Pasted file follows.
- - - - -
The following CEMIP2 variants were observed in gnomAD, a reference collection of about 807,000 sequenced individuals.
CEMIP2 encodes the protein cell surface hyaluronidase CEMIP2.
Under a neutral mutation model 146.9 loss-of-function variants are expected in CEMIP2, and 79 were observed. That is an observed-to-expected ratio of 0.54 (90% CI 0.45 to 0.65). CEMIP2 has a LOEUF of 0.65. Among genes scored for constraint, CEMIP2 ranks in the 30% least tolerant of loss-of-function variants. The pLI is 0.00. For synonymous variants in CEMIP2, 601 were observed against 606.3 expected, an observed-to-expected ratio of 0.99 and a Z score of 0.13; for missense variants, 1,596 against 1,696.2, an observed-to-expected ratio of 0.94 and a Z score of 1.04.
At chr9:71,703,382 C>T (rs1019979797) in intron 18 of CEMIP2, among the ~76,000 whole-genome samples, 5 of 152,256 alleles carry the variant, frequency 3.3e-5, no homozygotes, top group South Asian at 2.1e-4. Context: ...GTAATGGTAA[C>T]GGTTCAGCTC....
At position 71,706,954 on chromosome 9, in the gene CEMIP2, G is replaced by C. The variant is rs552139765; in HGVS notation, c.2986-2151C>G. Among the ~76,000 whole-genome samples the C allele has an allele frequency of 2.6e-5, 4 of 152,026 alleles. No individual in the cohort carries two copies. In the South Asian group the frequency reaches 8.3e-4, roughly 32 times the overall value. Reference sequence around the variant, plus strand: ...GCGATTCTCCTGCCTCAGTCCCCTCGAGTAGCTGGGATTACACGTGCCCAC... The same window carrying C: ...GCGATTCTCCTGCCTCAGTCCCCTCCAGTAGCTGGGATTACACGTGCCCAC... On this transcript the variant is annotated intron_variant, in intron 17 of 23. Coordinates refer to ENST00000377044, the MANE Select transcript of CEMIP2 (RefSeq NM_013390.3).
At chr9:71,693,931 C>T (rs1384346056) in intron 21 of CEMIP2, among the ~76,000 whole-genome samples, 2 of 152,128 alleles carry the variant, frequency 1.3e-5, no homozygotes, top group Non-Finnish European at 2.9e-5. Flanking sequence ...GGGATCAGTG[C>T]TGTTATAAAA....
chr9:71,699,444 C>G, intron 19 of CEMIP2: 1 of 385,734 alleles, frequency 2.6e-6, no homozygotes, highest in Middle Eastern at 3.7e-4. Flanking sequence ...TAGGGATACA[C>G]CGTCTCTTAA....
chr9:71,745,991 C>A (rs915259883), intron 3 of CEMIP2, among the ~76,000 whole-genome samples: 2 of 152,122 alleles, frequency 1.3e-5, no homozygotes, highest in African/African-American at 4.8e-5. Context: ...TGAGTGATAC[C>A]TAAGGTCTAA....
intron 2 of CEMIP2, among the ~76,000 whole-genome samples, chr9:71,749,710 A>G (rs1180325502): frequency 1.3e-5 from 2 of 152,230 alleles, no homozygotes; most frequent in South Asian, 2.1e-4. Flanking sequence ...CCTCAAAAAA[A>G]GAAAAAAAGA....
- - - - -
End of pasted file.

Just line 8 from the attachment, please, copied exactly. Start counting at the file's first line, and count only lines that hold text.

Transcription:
chr9:71,745,991 C>A (rs915259883), intron 3 of CEMIP2, among the ~76,000 whole-genome samples: 2 of 152,122 alleles, frequency 1.3e-5, no homozygotes, highest in African/African-American at 4.8e-5. Context: ...TGAGTGATAC[C>A]TAAGGTCTAA....